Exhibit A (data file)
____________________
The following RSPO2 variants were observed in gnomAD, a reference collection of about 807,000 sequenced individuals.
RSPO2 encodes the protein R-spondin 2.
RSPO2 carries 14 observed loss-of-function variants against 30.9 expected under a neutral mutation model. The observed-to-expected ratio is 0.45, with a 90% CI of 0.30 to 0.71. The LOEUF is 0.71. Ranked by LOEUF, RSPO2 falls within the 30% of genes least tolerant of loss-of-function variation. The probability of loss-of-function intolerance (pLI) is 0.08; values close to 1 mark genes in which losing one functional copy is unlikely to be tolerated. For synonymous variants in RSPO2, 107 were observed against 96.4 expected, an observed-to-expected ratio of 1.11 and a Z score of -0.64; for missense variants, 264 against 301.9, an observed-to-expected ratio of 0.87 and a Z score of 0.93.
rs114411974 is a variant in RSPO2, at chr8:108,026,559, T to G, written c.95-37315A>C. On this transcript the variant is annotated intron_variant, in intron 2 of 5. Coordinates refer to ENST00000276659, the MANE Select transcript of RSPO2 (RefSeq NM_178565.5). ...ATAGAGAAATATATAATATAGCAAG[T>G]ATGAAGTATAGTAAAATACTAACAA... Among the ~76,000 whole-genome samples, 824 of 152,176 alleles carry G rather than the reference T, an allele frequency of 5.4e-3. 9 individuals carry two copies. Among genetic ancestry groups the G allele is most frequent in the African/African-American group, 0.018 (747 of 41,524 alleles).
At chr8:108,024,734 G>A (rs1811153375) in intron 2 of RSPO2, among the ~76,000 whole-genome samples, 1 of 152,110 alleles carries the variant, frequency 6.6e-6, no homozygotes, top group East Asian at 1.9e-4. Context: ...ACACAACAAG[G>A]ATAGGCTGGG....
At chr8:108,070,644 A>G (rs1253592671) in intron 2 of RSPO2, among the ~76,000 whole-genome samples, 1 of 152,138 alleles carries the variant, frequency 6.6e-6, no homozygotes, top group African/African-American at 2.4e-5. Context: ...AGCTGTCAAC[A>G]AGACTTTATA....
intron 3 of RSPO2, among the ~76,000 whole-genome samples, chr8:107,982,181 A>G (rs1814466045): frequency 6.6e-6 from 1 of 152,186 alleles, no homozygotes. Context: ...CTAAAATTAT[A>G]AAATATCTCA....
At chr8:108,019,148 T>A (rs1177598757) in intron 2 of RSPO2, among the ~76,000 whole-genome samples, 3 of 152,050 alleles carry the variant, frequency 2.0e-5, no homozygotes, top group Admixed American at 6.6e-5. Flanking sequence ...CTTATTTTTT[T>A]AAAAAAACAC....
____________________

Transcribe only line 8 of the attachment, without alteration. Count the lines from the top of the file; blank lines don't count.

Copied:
At chr8:108,019,148 T>A (rs1177598757) in intron 2 of RSPO2, among the ~76,000 whole-genome samples, 3 of 152,050 alleles carry the variant, frequency 2.0e-5, no homozygotes, top group Admixed American at 6.6e-5. Flanking sequence ...CTTATTTTTT[T>A]AAAAAAACAC....